Vestal Flame

A poem by Josephine Preston Peabody

Light, light,--the last:
Till the night be done,
Keep the watch for stars and sun, and eyelids over-cast.

Once there seemed a sky,
Brooding over men.
Now no stars have come again, since their bright good-bye!

Once my dreams were wise.
Now I nothing know;
Fasting and the dark have so put out my heart's eyes.

But thy golden breath
Burns against my cheek.
I can feel and love, and seek all the rune it saith.

Do not thou be spent,
Holy thing of fire,--
Only hope of heart's desire dulled with wonderment!

While there bide these two
Hands to bar the wind;
Though such fingers chill and thinned, shed no roses through.

While this body bends
Only for thy guard;
Like a tower, to ward and worship all the light it sends.

It is not for fear
Lest there ring some cry
On the midnight, 'Rise and come. Lo, the Bridegroom near!'

It is not for pride,
To be shining fair
In a wedding-garment there, lighting home the Bride.

It is not to win
Love, for hoarded toil,
From those poor, with their spent oil, weeping, 'Light us in!'--

No; but in despite
Of all vigils set,
Do I bind me to thee yet,--strangest thing of Light!

Only, all, for thee
Whatsoe'er thou art,
Smiling through the blinded heart, things it cannot see.

Very Soul's Desire,
Take my life; and live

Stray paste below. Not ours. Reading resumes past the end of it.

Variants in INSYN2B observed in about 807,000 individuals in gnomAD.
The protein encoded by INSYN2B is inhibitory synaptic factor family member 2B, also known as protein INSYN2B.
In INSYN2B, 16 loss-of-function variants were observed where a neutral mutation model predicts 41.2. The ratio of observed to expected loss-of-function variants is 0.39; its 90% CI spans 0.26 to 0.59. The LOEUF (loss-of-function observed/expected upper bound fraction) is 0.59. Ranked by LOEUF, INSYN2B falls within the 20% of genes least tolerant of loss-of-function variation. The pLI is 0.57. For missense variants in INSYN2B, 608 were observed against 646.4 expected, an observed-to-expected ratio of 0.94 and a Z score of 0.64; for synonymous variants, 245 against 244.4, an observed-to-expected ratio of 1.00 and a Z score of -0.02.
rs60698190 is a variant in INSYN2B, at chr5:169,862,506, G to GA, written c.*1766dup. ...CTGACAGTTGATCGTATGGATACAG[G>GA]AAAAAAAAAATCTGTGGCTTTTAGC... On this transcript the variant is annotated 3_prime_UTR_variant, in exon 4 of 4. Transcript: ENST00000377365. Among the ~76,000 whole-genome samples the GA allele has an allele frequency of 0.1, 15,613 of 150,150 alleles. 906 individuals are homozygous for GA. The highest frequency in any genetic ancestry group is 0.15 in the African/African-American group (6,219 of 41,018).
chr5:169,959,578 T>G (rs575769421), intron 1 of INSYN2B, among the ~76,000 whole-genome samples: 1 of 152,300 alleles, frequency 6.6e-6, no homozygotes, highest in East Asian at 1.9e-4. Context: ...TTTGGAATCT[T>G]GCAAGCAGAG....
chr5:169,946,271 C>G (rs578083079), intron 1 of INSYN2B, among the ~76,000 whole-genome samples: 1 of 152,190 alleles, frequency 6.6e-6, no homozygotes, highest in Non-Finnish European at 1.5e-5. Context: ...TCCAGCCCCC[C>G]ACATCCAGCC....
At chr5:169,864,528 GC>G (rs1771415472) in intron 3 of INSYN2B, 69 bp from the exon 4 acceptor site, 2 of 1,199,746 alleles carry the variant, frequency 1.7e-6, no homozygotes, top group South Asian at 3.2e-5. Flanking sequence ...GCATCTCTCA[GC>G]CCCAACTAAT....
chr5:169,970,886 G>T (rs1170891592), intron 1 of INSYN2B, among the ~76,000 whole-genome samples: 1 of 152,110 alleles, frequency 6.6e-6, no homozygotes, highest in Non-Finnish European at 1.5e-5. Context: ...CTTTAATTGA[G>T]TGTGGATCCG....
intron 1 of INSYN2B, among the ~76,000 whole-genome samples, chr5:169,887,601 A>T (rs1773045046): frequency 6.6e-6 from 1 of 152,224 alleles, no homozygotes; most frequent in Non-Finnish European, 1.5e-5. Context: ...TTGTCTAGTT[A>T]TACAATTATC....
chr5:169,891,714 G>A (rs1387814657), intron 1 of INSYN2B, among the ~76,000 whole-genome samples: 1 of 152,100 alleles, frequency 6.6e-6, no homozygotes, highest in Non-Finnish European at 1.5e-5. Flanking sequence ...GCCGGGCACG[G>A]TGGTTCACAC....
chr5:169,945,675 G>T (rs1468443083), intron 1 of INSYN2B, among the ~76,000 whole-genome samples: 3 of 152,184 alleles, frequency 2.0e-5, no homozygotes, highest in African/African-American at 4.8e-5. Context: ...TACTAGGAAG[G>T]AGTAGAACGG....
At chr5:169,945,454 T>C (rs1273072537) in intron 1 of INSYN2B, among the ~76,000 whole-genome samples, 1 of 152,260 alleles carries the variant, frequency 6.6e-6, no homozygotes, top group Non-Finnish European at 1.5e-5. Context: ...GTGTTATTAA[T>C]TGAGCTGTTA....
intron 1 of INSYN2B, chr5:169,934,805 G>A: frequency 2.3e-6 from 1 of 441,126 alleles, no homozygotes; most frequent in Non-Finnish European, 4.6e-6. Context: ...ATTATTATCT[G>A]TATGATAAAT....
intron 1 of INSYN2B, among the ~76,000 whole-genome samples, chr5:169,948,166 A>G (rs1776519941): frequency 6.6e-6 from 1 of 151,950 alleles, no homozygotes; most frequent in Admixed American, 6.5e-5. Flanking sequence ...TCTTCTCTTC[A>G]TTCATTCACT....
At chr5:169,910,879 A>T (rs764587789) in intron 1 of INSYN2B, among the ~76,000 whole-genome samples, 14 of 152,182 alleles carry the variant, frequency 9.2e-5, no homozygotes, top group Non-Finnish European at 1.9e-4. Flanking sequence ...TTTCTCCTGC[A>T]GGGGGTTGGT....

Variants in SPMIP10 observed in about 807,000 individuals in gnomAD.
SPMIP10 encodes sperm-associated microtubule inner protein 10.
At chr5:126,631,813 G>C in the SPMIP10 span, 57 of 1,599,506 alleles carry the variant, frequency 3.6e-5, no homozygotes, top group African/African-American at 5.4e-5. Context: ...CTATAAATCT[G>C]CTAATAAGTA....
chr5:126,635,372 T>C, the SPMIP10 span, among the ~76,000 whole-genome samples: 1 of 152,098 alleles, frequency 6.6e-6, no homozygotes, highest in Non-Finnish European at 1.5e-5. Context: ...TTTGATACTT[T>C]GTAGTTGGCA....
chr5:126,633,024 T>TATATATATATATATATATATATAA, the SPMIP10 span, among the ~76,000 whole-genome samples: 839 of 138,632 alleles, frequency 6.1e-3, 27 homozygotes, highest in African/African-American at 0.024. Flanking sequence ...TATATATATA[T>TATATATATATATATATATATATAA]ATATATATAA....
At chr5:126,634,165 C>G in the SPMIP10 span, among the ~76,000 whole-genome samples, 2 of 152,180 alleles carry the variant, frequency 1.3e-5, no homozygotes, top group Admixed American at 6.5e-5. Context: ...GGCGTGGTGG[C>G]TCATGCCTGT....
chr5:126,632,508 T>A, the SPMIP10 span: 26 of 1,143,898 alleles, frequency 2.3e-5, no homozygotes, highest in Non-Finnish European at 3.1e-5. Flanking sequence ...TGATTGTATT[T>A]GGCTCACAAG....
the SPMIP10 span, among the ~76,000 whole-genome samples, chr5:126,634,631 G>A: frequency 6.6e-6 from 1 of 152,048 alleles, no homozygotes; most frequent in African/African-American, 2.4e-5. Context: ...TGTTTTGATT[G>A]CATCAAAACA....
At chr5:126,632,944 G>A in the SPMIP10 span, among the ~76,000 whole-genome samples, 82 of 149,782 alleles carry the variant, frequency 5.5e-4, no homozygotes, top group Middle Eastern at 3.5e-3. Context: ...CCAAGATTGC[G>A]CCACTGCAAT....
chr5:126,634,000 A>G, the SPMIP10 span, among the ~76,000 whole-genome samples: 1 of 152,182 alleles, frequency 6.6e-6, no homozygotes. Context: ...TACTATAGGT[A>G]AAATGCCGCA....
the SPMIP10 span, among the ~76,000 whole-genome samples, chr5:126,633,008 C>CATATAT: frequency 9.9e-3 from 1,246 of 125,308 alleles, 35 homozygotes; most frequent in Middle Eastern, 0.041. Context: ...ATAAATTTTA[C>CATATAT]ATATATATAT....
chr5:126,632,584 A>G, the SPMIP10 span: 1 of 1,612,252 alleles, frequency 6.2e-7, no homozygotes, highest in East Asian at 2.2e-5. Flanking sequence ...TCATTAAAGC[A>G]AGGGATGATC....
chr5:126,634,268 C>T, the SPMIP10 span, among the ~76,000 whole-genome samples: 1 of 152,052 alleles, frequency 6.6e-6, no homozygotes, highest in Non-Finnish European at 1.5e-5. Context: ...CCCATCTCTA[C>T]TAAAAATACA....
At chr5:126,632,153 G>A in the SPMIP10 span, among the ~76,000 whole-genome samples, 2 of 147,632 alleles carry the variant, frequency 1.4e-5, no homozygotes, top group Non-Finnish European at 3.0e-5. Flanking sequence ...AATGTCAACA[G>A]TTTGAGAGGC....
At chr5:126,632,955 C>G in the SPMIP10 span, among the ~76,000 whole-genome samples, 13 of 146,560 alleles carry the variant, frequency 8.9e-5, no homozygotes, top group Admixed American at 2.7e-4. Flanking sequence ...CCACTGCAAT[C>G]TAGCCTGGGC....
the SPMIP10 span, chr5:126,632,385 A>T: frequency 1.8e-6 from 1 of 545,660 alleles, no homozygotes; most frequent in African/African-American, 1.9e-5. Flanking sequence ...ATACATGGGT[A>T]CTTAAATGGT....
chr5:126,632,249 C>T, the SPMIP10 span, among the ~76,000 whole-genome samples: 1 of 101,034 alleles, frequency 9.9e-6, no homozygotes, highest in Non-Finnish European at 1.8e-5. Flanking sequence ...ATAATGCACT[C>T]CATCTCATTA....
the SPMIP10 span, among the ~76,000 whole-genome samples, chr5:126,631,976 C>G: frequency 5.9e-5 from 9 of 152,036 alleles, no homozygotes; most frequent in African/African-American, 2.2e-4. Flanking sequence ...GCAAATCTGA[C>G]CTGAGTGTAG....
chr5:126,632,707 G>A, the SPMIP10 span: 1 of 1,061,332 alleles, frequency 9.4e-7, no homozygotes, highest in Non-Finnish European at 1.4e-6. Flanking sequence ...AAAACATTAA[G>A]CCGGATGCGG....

By the rapture thine doth give, ecstasy of fire!

Hold thy golden breath!
For I feel,--not hear--
Spent with joy and fear to lose thee, all the song it saith.

Light, light, my own:
Do not thou disown
Thy poor keeper-of-the-light, for Light's sake alone.



The dark had left no speech save hand-in-hand
Between us two the while, with others near.
Mine questioned thine with 'Why should I be here?'
'Yet bide thou here,' said thine, 'and understand.'

And mine was mute; but strove not then to go;
And hid itself, and murmured, 'Do not hear
The listening in my heart!' Said thine, 'My Dear,
I will not hear it, ever. But I know.'

Said mine to thine: 'Let be. Now will I go!--
For you are saying,--you who do not speak,
This hand-in-hand is one day cheek-to-cheek!'
And said thy hand around me, 'Even so.'

Then mine to thine.--'Yea, I have been alone;
--Yet happy.--This is strange. This is not I!
You hold me, but you can not tell me why.'
And said thy hand to mine again, 'My Own.'

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